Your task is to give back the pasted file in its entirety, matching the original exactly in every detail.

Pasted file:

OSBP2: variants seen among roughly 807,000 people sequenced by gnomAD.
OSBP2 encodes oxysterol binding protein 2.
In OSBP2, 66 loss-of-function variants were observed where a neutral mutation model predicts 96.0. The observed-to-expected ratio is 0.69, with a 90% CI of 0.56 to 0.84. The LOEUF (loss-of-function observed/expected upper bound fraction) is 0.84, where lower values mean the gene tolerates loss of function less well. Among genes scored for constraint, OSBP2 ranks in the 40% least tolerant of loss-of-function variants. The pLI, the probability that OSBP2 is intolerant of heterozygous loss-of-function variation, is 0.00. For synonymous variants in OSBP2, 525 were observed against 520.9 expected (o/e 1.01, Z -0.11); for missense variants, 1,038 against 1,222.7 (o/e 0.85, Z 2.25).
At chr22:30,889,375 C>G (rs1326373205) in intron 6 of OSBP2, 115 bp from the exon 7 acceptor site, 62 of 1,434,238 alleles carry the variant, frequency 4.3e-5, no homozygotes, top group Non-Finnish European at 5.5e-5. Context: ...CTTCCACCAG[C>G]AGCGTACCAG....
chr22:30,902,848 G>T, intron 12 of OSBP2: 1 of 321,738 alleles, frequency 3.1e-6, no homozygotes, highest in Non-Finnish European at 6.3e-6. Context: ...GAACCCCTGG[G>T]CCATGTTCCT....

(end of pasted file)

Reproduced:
OSBP2: variants seen among roughly 807,000 people sequenced by gnomAD.
OSBP2 encodes oxysterol binding protein 2.
In OSBP2, 66 loss-of-function variants were observed where a neutral mutation model predicts 96.0. The observed-to-expected ratio is 0.69, with a 90% CI of 0.56 to 0.84. The LOEUF (loss-of-function observed/expected upper bound fraction) is 0.84, where lower values mean the gene tolerates loss of function less well. Among genes scored for constraint, OSBP2 ranks in the 40% least tolerant of loss-of-function variants. The pLI, the probability that OSBP2 is intolerant of heterozygous loss-of-function variation, is 0.00. For synonymous variants in OSBP2, 525 were observed against 520.9 expected (o/e 1.01, Z -0.11); for missense variants, 1,038 against 1,222.7 (o/e 0.85, Z 2.25).
At chr22:30,889,375 C>G (rs1326373205) in intron 6 of OSBP2, 115 bp from the exon 7 acceptor site, 62 of 1,434,238 alleles carry the variant, frequency 4.3e-5, no homozygotes, top group Non-Finnish European at 5.5e-5. Context: ...CTTCCACCAG[C>G]AGCGTACCAG....
chr22:30,902,848 G>T, intron 12 of OSBP2: 1 of 321,738 alleles, frequency 3.1e-6, no homozygotes, highest in Non-Finnish European at 6.3e-6. Context: ...GAACCCCTGG[G>T]CCATGTTCCT....